October 5, 2005

Examining This Season's MLB Playoffs

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The playoffs just started yesterday. One day of games. That’s it. There’s still a lot more baseball to play, and a lot of things to talk about.

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I know about yesterday, but why – before the playoffs even began – were the experts discounting both the Yankees and Boston? Most of ESPN’s commentators have chosen the Angels, Houston, or the Cardinals to win it all. Peter Gammons predicted that both the Red Sox and the Yankees will lose in the first round.

Sure, yesterday may have helped along his argument. Okay. But, the Red Sox are still a strong team, and one game doesn’t change that.

And the Yankees have the best offense in America. Not that much has changed from last year. As for pitching? Randy Johnson has looked great recently (6-0 since Aug. 26). Curt Schilling will be his old self again. The Red Sox pitching staff is better than most people say it is (Boston did win a lot of games this year).

The Yankees and the Red Sox are still the teams everyone should worry about. * * * *

It’s dumb to argue about the A.L. MVP this year. Alex Rodriguez and David Ortiz have almost identical stats. The Yankees and the Red Sox are both in the playoffs, and they finished with the same record. I don’t know how anyone can say that one player deserves the award more than the other. Try to make a coherent argument – ignoring the fact that you’re either a Yankees fan or a Boston fan.

You could say that A-Rod helps out on defense, and that his work at third base makes the difference. Maybe. Or, you could say Ortiz is the best clutch hitter in baseball (like everyone does). Whatever. Either one could win the MVP, and no one should be upset about the decision.

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Houston has become the cool choice to win the World Series. The Astros’ pitching is so overwhelming – or so they say – that Roger Clemens, Andy Pettitte, and Roy Oswalt will make up for a lack of great hitting.

This argument makes some sense. But – at least in Clemens’ case – it’s kind of self-defeating. After all, wasn’t a lack of run support the big problem for Clemens this year? Isn’t that why he only went 13-8 – despite a 1.87 ERA?

Houston will be facing Atlanta in the division series. No one seems to talk about the Braves. Atlanta has a great team this year, and I really think the Braves are the darkhorse of the postseason. Or, at least the darkhorse of the division series.

They have a balanced offense, and John Smoltz and Tim Hudson should not be overlooked. Atlanta is also very good at Turner Field, where the Braves have put up the second-best home record in the league (after Boston, and tied with the Yankees).

They haven’t been playing so well of late (29-28 since early August). But we’re in the playoffs now. Andruw Jones and Jeff Francoeur will be back in form. And don’t forget about righty Jorge Sosa, who has very quietly earned himself a 13-3 record.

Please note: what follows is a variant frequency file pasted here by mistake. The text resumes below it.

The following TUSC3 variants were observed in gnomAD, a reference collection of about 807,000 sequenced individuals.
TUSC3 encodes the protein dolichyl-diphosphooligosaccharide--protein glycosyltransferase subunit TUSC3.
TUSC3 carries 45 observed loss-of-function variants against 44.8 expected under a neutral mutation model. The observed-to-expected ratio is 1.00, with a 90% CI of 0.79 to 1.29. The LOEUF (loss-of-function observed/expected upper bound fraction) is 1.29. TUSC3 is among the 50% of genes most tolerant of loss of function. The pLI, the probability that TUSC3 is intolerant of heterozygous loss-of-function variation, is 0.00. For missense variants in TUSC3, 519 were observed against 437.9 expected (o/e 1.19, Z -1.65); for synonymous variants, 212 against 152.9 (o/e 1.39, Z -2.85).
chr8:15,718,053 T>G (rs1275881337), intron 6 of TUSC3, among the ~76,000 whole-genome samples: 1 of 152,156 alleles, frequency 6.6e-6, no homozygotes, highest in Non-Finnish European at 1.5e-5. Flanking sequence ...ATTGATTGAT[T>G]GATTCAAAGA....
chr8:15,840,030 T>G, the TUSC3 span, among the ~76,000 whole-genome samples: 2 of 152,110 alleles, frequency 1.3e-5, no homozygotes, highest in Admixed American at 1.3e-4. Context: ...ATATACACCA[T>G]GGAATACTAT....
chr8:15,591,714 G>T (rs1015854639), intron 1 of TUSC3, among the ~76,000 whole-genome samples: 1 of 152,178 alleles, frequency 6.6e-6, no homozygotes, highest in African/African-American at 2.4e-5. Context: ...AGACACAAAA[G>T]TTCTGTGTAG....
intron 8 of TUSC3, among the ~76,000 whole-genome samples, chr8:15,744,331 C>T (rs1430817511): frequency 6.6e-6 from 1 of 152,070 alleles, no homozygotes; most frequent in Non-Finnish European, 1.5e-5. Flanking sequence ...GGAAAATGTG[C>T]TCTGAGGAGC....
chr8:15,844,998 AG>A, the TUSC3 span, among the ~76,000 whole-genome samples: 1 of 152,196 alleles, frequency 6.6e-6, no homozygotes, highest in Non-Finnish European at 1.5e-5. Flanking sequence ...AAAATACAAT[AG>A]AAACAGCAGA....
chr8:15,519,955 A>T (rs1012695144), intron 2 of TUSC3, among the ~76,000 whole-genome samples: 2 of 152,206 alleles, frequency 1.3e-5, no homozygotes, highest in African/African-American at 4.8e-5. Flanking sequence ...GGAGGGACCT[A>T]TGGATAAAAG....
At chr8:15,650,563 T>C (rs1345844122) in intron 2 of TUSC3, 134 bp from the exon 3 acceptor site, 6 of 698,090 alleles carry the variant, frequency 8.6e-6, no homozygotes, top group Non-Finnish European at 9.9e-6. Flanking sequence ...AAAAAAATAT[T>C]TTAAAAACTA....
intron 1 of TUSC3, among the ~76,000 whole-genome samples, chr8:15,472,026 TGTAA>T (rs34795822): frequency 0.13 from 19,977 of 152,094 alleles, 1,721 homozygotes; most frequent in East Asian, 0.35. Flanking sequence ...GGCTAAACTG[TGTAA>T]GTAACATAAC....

For each of the past three years, Atlanta has lost in the first round of the playoffs. If they can keep Houston off the scoreboard – and get just a few timely runs off the Big Three – Atlanta will have a good chance to break out of that first round.

Houston’s pitchers are great, but they’re not invincible. Just don’t ask any “expert” to agree with me.

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I like the San Diego Padres, and I’d love to see them beat St. Louis. Actually, I’d love to see them win just one game. Or, at least take a lead into the ninth.

They probably won’t do any of these things, but I’d love to see it. Obviously, it’s tough to win games when your team’s next two starters (Pedro Astacio, Woody Williams) both have losing records.

Yet, stranger things have happened. The Padres had a nice late-game rally in yesterday’s 8-5 loss. Maybe they can get the Cardinals off their game a little, and take a win or two in the series.

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Talking about the N.L. West, you have to feel bad for the Dodgers. They didn’t make the playoffs after playing in the worst division in baseball. They finished 71-91, after starting the year 12-2.

But there’s more. Because now, when people talk about the L.A. team in the playoffs, they mean the Angels.

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Why were there so many bad pitchers in baseball this year? You would have thought this would be the year of the pitcher. After all, the MLB is now testing for steroids.

But really, how do you pick a Cy Young winner in the A.L.? There’s not that much talent around. So, I’d have to choose closer Mariano Rivera.

Yeah, Johan Santana had a great 2.87 ERA and Bartolo Colón did win 21 games (and lost eight, by the way). But Rivera was consistently strong throughout the year, and the Yankees are absolutely not in the playoffs without him.

Ted Nyman is a Sun Staff Writer. Fast Times will appear every other Wednesday this semester.

Archived article by Ted Nyman